In fall 2017, the New York Times and other media outlets began reporting on widespread sexual harassment and assaults by powerful men in the entertainment industry. And needless to say, many people were heartened. Everyone thought bringing the issue to light and punishing those responsible would have a deterrent effect, a Harvard Business Review suggested.
But Leanne Atwater, a management professor at the University of Houston, and her colleagues were skeptical. “Most of the reaction to #MeToo was celebratory and assumed women were really going to benefit,” she said. “We said, ‘We aren’t sure this is going to go as positively as people think — there may be some fallout.”
To determine if they were indeed, right, Atwater and her team begawn a study in early 2018. They created two surveys — one for men and one for women — and distributed them to workers in a wide range of industries, collecting data from 152 men and 303 women in all, reported Harvard Business Review.
First the researchers sought to understand if men and women had different views about what sexual harassment is, mainly because the men accused in the movement frequently claim they didn’t understand how their actions were being perceived, while women who report it are sometimes deemed overly sensitive. The surveys described 19 behaviours, like continuing to ask a female subordinate out after she has said no, emailing/texting sexual jokes to a female co-worker and commenting on a her looks. They also asked participants whether they amounted to harassment.
For the most part, the men and women agreed. For the three items on which they differed, men were more likely than women to label the actions as harassment. “Most men know what sexual harassment is and most women know what it is,” Atwater explained. “The idea that men don’t know their behaviour is bad and that women are making a mountain out of a molehill is largely untrue. If anything, women are more lenient in defining harassment.”
Next, the team explored the incidences of harassment in a workplace. 63% of women reported having been harassed, with 33% experiencing it more than once. Age, the supervisor’s gender, whether the woman did a blue-collar or a white-collar job, and whether she was married had no bearing on her being harassed.
But only 20% of women who had been harassed reported it. Amongst those who didn’t, the main deterrents were fear of negative consequences and being labelled troublemakers. 5% of men admitted to having harassed a colleague and another 20% said that “maybe” they had done so.
But the study’s biggest revelation has to do with the backlash of the #MeToo movement. The respondents said they had expected to see some positive effects. For instance, 74% of women said they thought they would be more willing now to speak out against harassment and 77% of men anticipated being more careful about potentially inappropriate behaviour.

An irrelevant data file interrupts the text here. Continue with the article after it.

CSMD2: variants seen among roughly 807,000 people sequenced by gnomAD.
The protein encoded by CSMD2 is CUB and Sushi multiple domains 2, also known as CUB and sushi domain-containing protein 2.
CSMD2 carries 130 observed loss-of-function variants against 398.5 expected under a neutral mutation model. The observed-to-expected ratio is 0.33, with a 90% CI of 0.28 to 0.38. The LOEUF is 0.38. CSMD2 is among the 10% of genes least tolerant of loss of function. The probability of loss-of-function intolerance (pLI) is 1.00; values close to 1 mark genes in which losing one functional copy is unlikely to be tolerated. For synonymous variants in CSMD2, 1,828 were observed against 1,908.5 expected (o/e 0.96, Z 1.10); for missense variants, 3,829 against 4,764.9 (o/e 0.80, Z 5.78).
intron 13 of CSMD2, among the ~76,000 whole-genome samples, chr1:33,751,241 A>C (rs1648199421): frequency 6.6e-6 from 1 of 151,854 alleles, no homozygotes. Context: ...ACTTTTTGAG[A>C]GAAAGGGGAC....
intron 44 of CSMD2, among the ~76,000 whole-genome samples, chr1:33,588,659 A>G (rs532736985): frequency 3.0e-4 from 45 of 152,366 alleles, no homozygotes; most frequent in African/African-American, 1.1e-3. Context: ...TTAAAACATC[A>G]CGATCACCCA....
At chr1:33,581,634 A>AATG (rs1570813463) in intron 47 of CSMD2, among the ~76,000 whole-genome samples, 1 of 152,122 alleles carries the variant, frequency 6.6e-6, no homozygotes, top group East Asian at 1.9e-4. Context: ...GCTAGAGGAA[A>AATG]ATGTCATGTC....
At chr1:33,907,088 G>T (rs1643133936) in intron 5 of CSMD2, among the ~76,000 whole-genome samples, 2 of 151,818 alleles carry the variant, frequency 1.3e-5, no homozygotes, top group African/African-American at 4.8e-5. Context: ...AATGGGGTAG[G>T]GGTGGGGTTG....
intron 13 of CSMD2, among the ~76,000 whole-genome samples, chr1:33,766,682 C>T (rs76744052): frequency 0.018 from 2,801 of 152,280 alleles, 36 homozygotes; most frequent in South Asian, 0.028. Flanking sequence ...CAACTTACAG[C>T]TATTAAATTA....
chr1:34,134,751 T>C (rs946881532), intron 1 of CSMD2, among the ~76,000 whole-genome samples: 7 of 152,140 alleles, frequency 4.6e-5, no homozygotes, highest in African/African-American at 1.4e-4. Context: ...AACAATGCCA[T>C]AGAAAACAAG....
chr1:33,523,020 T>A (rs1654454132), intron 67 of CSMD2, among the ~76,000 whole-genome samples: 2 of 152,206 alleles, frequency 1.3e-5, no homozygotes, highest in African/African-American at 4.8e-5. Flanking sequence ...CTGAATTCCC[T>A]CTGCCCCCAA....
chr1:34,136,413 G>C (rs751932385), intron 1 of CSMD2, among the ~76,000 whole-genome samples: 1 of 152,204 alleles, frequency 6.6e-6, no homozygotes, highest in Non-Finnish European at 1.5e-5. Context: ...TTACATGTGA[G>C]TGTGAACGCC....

But more than 10% of both men and women said they thought they would be less willing than before to hire attractive women. 22% of men and 44% of women predicted that men would exclude women from social interactions such as after-work drinks and nearly one in three men thought they would be reluctant to have a one-on-one meeting with a woman. 56% of women said they expected that men would continue to harass but take more precautions against getting caught and 58% of men predicted that men in general would have greater fears of being unfairly accused.
Because the data was collected soon after the #MeToo movement gained momentum and much of it focused on expectations, the researchers conducted a follow-up survey (with different people) in 2019. This revealed a bigger backlash than respondents had anticipated.
About 19% of men said they were reluctant to hire attractive women, 21% were reluctant to hire women for jobs involving close interpersonal interactions with men (jobs involving travel, for example), and 27% said they avoided one-on-one meetings with female colleagues. Only one of those numbers was lower in 2019 than the numbers projected the year before.
Atwater believes some of the behaviours are manifestations of what is sometimes called the Mike Pence rule — a reference to the US vice president’s refusal to dine with female colleagues unless his wife is present. “I’m not sure we were surprised by the numbers but we were disappointed,” shared Rachel Sturm, a professor at Wright State University who worked on the project. “When men say, ‘I’m not going to hire you, I’m not going to send you travelling, I’m going to exclude you from outings,’ those are steps backward.”
The researchers have several recommendations for organisations looking to reduce harassment, a number of which involve prevention training. Their study shows that traditional sexual harassment training has little effect, perhaps because much of it focuses on helping employees understand what constitutes harassment and the data shows they already do.
Instead, the researchers say, companies should implement training that educates employees about sexism and character. Their data shows that employees who display high levels of sexism are more likely to engage in negative behaviours and training can reduce that. Their data also shows that people of high character — those who display virtues such as courage — are less likely to harass and more likely to intervene when others do.
Have something to add to the story? Share it in the comments below.